I absolutely see a political vendetta: Rahul Gandhi on Herald case
Congress vice-president Rahul Gandhi attacked the government on Tuesday, saying allegations of large-scale financial irregularities against him and party chief Sonia Gandhi in the National Herald case were a clear case of personal vendetta.india Updated: Dec 08, 2015 15:26 IST
Congress vice-president Rahul Gandhi on Tuesday accused the BJP-led government of political vendetta over the National Herald’s case in which he and his mother, party chief Sonia Gandhi, were summoned to make a personal appearance in court.
Gandhi, who was visiting rain-ravaged areas in Tamil Nadu and Puducherry, reacted after the BJP hit out at the Congress for disrupting Parliament over the case.
“I absolutely see a political vendetta,” he said, hours after his mother hinted as much and told reporters that she left it “to you to judge”.
Commerce minister Nirmala Sitharaman was quick to respond to the Congress chief’s comments. “Sonia Gandhiji’s is awfully wrong, media doesn’t decide as to who’s right or wrong.”
By calling it political vendetta, “are they (Congress) suggesting that the courts are now playing politics. What a shame!” she said.
Both parties traded barbs after Congress parliamentarians stalled Parliament and accused the government of targeting its top leaders through “proxy litigation”.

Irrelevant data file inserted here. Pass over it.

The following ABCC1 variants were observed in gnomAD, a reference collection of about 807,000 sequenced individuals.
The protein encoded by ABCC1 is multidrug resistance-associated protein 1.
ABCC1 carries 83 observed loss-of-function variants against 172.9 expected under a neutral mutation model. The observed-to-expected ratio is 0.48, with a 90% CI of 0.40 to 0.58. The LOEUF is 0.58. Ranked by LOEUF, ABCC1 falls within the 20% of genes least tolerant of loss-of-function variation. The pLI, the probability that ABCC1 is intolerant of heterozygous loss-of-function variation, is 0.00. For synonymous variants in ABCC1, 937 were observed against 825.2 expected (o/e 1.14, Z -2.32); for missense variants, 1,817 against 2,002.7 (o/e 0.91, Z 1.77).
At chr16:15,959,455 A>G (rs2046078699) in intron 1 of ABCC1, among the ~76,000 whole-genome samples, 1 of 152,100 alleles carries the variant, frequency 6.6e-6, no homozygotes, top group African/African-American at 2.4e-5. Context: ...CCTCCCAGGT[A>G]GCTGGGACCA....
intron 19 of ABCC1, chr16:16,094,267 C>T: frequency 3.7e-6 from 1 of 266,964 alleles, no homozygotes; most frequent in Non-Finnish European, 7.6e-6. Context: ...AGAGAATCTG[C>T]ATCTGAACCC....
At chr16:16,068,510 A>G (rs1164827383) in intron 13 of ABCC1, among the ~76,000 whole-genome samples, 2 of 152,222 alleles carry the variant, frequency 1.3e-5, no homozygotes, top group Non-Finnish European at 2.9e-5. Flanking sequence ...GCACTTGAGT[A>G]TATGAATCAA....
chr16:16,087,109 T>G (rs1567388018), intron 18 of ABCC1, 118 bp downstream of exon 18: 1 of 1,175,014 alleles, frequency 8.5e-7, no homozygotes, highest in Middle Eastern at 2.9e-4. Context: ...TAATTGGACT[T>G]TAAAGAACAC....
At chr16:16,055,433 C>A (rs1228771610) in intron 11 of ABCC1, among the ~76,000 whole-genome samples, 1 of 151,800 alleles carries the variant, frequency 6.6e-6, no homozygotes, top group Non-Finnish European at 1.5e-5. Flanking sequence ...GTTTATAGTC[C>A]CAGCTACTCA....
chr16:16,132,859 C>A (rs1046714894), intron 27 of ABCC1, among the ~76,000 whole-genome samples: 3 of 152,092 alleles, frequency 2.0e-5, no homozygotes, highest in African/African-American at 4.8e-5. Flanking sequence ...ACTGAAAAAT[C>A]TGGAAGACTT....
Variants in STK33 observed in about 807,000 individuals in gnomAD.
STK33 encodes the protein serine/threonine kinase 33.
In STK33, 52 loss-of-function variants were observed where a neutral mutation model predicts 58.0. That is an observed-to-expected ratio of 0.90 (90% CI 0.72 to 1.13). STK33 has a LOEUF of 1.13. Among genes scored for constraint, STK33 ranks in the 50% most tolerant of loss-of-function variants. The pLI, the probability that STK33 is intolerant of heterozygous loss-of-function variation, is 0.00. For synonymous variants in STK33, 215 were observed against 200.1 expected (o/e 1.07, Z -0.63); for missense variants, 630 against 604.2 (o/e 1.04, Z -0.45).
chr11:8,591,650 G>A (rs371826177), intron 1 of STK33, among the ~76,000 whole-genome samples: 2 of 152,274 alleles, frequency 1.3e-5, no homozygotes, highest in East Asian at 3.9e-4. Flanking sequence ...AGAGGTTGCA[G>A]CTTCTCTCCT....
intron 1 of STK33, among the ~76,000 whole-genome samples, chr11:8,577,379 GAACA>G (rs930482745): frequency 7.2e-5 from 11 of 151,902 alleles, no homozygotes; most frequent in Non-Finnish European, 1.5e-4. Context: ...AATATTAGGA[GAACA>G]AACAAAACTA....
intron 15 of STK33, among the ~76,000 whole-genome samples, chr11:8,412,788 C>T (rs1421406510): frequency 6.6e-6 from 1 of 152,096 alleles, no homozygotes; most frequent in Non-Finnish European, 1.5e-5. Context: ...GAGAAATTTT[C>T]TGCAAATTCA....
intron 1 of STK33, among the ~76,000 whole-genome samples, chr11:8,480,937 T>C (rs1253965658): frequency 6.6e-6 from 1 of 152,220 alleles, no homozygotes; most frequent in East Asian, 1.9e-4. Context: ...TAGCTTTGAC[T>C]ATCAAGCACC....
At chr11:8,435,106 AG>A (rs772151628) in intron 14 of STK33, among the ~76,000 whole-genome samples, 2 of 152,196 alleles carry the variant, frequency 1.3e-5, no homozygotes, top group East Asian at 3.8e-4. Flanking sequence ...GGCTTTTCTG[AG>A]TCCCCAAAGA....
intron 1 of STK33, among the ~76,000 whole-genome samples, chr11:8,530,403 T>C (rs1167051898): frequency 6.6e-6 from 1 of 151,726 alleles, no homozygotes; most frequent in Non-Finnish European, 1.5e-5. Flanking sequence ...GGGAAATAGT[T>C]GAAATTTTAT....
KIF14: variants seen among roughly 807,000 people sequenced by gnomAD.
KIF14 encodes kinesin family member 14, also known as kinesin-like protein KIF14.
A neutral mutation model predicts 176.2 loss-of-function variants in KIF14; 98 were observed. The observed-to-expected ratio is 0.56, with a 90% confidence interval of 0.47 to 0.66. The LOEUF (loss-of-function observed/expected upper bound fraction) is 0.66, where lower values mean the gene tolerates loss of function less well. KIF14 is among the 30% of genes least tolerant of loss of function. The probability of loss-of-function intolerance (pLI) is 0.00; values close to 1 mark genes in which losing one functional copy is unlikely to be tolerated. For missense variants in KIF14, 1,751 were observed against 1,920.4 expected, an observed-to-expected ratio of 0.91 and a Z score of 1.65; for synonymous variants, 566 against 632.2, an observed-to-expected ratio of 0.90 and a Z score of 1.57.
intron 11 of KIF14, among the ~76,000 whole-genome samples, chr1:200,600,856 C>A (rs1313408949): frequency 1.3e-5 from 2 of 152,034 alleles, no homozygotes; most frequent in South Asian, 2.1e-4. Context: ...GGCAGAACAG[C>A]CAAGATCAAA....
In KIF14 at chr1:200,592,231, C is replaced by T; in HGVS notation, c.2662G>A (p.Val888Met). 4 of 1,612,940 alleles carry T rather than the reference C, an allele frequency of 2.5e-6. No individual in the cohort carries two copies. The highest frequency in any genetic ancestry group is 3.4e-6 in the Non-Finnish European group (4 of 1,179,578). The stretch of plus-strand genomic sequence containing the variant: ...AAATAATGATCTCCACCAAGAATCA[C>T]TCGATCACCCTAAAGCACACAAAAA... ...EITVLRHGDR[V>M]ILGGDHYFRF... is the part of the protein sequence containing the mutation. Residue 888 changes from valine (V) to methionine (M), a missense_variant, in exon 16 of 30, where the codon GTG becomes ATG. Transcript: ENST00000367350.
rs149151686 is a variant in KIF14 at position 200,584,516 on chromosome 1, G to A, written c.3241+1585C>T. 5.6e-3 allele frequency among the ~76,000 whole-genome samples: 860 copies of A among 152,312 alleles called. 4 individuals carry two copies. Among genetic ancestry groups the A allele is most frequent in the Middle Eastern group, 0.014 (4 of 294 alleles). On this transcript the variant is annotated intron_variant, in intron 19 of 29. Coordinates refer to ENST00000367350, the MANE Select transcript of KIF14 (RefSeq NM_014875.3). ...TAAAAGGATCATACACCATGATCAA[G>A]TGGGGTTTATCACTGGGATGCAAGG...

Congress spokesperson and lawyer Abhishek Manu Singhvi, who is representing Rahul in the case, insisted that the government was adopting a politics of revenge. “This is a political vendetta and worst, complainant Subramanian Swamy is a senior and active member of BJP. The ruling party in the power is using proxy litigations to attack the senior Congress functionaries out of political malice,” he said.
Parliamentary affairs minister M Venkaiah Naidu countered the allegation, saying it was “unfair and undemocratic of the Congress to disrupt Parliament on account of a case in court”.
Amid slogans of “tanashahi nahi chalegi (dictatorship will not be tolerated)” and “badle ke rajneeti nahi chalegi (politics of revenge)” in the Rajya Sabha, junior parliamentary affairs minister Mukhtar Abbas Naqvi questioned if the Opposition has a problem with the government or court.
“If the case is related to the House, the government could answer. If it relates to courts, they should go to the court.”
His colleague Rajiv Pratap Rudy took a dig at the Congress MPs, wondering what had happened that shook the Congress members so much. “Nation wants to hear what their issue is. Nobody knows it. We are ready to hear. Let them go to their seats and raise it,” he said.
The Delhi high court on Monday dismissed the Gandhis’ plea to quash the trial court’s summons issued to them on allegations of illegally amassing property worth crores belonging to the defunct National Herald newspaper. But a trial court on Tuesday provided the Gandhis temporary relief, asking them to appear before it on December 19.
BJP leader Swamy, who filed the case, said the Gandhis are out of luck now as the Supreme Court won’t intervene in the trial.
The Congress had decided to move the top court but Swamy filed a caveat to pre-empt any ex-parte order on appeals likely to be filed by the Gandhis.
“If they want to try their luck in the Supreme Court, I think they have very little chance, because two courts have held that there is a prima facie case. So, the Supreme Court will not like to intervene with the trial process,” Swamy said.